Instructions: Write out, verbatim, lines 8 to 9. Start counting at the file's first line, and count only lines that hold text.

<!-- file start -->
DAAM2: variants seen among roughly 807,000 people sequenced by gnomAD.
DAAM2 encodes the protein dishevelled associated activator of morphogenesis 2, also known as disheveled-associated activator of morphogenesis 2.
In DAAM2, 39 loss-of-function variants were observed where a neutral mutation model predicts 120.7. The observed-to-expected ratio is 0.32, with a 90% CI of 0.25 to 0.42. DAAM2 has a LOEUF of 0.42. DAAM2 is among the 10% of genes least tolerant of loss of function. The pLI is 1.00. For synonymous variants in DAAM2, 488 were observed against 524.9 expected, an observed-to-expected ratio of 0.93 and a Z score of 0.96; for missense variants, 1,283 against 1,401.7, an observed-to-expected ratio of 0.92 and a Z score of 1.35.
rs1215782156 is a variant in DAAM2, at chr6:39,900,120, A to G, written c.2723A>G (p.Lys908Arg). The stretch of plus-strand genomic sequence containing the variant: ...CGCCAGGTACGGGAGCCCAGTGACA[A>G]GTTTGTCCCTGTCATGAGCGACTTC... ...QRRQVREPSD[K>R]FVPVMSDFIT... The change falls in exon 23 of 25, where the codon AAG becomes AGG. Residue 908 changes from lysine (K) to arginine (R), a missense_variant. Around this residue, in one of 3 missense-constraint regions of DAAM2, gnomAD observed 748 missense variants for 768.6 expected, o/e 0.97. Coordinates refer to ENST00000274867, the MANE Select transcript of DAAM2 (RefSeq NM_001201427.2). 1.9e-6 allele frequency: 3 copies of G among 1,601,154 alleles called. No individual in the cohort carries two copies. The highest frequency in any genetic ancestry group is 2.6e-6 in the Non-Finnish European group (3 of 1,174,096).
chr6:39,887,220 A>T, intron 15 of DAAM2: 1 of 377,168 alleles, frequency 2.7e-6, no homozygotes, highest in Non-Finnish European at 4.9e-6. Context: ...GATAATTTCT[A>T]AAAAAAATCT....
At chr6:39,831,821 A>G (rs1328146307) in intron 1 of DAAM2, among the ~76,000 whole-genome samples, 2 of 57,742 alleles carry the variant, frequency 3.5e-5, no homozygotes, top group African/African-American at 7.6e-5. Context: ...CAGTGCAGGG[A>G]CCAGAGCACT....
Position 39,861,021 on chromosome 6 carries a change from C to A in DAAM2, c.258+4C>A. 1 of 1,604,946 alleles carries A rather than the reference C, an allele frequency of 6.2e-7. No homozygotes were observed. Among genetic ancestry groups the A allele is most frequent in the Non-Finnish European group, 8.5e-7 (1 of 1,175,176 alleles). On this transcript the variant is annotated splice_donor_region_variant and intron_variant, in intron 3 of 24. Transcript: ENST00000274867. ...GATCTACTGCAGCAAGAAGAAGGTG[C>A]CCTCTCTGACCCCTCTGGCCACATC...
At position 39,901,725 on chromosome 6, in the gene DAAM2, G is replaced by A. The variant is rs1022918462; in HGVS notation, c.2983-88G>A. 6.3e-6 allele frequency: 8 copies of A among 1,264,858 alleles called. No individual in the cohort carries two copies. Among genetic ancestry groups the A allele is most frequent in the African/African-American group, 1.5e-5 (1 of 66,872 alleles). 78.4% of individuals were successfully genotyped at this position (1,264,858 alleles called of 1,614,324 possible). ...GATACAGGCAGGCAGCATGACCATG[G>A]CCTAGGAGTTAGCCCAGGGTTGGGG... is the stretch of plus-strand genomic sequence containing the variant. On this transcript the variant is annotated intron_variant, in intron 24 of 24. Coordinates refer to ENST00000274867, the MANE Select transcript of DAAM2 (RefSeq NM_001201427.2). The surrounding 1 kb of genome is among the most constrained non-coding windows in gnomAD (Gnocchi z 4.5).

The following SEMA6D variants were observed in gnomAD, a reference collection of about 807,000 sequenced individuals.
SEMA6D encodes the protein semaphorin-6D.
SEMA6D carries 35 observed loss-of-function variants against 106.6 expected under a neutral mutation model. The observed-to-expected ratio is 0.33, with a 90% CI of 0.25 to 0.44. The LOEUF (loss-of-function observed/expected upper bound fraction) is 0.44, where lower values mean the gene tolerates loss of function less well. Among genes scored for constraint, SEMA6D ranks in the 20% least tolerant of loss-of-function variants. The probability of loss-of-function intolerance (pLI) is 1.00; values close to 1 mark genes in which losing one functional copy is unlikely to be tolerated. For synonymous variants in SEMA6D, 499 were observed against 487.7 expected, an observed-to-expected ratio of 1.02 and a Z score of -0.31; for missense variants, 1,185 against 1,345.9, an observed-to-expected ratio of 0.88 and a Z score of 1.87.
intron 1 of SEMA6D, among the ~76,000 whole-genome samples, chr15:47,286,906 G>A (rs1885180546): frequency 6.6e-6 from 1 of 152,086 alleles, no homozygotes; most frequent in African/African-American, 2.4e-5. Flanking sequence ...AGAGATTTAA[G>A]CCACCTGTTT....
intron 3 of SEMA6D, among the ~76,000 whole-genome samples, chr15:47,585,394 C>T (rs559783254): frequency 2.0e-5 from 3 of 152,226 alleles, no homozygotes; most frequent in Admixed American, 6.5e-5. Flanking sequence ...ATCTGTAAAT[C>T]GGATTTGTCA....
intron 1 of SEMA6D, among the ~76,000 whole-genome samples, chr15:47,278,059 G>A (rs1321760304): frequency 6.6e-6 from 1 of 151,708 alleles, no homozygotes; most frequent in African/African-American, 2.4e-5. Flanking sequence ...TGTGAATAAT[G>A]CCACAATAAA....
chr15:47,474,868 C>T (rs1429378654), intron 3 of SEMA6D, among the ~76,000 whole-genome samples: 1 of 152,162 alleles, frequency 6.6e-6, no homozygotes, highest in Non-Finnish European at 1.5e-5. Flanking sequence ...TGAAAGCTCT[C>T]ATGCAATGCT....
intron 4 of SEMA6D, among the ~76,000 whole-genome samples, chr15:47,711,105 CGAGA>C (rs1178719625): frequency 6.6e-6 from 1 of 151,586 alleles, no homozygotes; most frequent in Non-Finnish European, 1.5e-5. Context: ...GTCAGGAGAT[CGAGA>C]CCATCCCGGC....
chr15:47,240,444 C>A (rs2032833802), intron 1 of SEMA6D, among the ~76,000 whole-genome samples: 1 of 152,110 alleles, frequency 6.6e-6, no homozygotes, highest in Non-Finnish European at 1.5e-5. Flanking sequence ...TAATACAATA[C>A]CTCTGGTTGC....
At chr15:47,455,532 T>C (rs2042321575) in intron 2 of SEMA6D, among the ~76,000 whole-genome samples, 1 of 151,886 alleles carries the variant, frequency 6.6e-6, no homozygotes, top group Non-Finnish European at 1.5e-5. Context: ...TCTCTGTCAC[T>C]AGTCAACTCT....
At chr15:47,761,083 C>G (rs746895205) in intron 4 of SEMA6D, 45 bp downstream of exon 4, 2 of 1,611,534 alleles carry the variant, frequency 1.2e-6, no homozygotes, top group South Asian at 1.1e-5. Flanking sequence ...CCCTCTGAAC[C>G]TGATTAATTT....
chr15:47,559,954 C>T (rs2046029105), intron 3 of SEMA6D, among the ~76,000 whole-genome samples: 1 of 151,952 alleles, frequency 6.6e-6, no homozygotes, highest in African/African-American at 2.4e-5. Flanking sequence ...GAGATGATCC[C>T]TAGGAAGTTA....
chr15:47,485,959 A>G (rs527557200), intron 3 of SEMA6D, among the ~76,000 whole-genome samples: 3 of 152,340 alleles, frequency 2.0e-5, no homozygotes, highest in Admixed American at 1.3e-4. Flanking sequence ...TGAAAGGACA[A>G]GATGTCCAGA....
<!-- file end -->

At position 39,901,725 on chromosome 6, in the gene DAAM2, G is replaced by A. The variant is rs1022918462; in HGVS notation, c.2983-88G>A. 6.3e-6 allele frequency: 8 copies of A among 1,264,858 alleles called. No individual in the cohort carries two copies. Among genetic ancestry groups the A allele is most frequent in the African/African-American group, 1.5e-5 (1 of 66,872 alleles). 78.4% of individuals were successfully genotyped at this position (1,264,858 alleles called of 1,614,324 possible). ...GATACAGGCAGGCAGCATGACCATG[G>A]CCTAGGAGTTAGCCCAGGGTTGGGG... is the stretch of plus-strand genomic sequence containing the variant. On this transcript the variant is annotated intron_variant, in intron 24 of 24. Coordinates refer to ENST00000274867, the MANE Select transcript of DAAM2 (RefSeq NM_001201427.2). The surrounding 1 kb of genome is among the most constrained non-coding windows in gnomAD (Gnocchi z 4.5).

The following SEMA6D variants were observed in gnomAD, a reference collection of about 807,000 sequenced individuals.